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Regulating Airbnb

14 October 2022

Everyday Queenslanders right across the state are crying out for affordable homes while property investors are turning what could be good, secure homes into Airbnbs for tourists. Instead of houses and apartments being used as homes for families—a place to raise your kids, a place to rest and relax—tens of thousands of Queensland properties are being turned into short-term hotels. We know this is especially impacting struggling coastal communities, where locals cannot find places to live and workers have to leave the tourism industry because nearly all of the properties in their town have been turned into short-term accommodation. We are seeing ordinary Queenslanders kicked out of their homes in the middle of a housing crisis because investors would rather make a quick buck on Airbnb.

In South Brisbane recently, a constituent contacted me after they discovered that all the long-term residents in their apartment block were being kicked out so that the owner could turn the whole block into Airbnb accommodation to make thousands more than they would providing long-term homes to families and workers. What is currently a local community for long-term residents will instead become a profit-making hotel, and all those residents in a few months' time will be out looking for homes in a cut-throat rental market. Every long-term home that becomes an Airbnb is one less nurse living close to the hospital they work in, one less volunteer at the local footy club, one more child whose life is uprooted as their family have to move home and find a new school. We have seen local governments across Queensland try to tackle short-term stays, but this will be pointless if the state government does not step in as well.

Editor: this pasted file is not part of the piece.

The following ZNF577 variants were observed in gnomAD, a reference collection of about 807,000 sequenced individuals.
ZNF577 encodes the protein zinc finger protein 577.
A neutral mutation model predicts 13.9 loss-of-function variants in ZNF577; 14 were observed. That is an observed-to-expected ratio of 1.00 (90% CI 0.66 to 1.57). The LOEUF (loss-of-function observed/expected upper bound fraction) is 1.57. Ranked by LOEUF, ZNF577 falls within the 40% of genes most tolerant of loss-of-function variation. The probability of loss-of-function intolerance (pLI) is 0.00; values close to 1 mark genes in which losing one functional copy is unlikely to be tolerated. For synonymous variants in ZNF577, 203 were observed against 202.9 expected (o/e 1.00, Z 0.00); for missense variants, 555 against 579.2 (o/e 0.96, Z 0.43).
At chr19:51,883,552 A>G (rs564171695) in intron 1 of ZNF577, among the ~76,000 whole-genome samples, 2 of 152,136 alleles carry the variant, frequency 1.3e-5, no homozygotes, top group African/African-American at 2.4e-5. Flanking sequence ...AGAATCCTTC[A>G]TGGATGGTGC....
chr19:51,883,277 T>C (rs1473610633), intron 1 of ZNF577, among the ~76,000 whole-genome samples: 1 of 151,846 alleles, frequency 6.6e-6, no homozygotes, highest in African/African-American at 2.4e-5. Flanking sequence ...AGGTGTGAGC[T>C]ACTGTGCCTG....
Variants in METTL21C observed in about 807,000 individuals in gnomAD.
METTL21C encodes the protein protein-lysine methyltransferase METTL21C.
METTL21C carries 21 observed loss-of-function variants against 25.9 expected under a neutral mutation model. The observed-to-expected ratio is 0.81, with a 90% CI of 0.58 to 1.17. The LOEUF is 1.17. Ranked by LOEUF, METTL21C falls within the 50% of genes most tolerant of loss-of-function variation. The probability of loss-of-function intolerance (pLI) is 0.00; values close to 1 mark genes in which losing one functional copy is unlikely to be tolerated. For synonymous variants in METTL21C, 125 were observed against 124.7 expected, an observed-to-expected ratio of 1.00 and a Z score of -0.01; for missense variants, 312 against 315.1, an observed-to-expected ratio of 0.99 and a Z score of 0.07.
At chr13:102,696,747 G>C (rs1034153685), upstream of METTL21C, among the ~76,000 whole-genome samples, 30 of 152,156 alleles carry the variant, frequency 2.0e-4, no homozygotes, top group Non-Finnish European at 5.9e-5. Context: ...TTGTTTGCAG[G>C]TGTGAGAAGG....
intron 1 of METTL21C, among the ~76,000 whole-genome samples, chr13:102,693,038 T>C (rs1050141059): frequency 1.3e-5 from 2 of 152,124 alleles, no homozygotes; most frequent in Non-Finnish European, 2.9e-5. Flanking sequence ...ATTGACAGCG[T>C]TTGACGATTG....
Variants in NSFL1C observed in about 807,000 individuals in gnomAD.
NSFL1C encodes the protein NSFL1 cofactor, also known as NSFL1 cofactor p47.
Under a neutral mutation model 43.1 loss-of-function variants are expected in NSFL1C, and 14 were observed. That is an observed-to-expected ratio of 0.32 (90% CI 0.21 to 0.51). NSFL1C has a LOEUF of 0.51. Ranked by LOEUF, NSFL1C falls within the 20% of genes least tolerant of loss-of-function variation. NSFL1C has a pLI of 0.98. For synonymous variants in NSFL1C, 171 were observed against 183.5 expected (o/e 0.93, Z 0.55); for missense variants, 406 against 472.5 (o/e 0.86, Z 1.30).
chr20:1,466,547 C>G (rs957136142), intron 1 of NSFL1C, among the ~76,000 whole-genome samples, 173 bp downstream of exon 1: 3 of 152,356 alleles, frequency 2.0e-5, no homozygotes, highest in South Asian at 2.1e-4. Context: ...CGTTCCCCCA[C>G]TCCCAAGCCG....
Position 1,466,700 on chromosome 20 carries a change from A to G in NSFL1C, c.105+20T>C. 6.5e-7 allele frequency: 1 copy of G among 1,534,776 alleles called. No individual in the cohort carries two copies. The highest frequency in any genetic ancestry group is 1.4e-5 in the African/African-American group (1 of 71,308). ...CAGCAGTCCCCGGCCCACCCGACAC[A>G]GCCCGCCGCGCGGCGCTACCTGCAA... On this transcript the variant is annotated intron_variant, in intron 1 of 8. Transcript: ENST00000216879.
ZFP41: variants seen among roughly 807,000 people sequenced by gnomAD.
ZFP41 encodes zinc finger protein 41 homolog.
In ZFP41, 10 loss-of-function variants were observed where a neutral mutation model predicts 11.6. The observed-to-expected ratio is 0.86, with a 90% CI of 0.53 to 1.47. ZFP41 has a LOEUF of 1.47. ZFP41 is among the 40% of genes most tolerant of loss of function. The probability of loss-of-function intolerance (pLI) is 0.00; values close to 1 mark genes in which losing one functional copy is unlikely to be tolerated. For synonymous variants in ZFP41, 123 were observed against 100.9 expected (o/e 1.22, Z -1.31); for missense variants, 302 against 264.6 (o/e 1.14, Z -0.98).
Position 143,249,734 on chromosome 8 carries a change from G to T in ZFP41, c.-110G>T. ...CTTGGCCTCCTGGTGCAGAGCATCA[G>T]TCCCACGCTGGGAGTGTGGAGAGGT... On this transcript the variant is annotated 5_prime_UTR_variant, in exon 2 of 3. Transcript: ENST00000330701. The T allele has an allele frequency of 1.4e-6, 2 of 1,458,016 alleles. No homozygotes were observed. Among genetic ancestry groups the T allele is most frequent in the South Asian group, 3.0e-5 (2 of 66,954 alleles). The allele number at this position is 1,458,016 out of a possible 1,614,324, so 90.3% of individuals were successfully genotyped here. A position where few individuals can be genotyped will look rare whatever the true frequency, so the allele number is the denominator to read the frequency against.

In New South Wales, the conservative state government implemented an 180-day limit across the state, while Byron Shire Council, working with the state government, have implemented their own 90-day limit. A similar limit here in Queensland would be a significant step to easing the housing the crisis. According to data from AirDNA, a cap on short-term hotels could open up nearly 6,000 homes across the Sunshine Coast, nearly 6,000 on the Gold Coast and 5,000 in Greater Brisbane.

The state government says they are worried about rental supply. Limiting Airbnbs and making sure homes are used for families, not tourists, is a straightforward way to boost rental supply across the state. For everyday owner-occupiers, a cap means you can still put your house up on Airbnb if you go on holidays or if you are letting out your spare room. However, a cap would stop those property investors who would rather turn a unit block into short-term accommodation than house families.

This government has to decide whether they want our cities and towns to be places where people can raise their kids, where you can live close to where you work and study, or if the government wants our cities, towns and neighbourhoods to become yet another play thing for wealthy tourists and Airbnb landlords.

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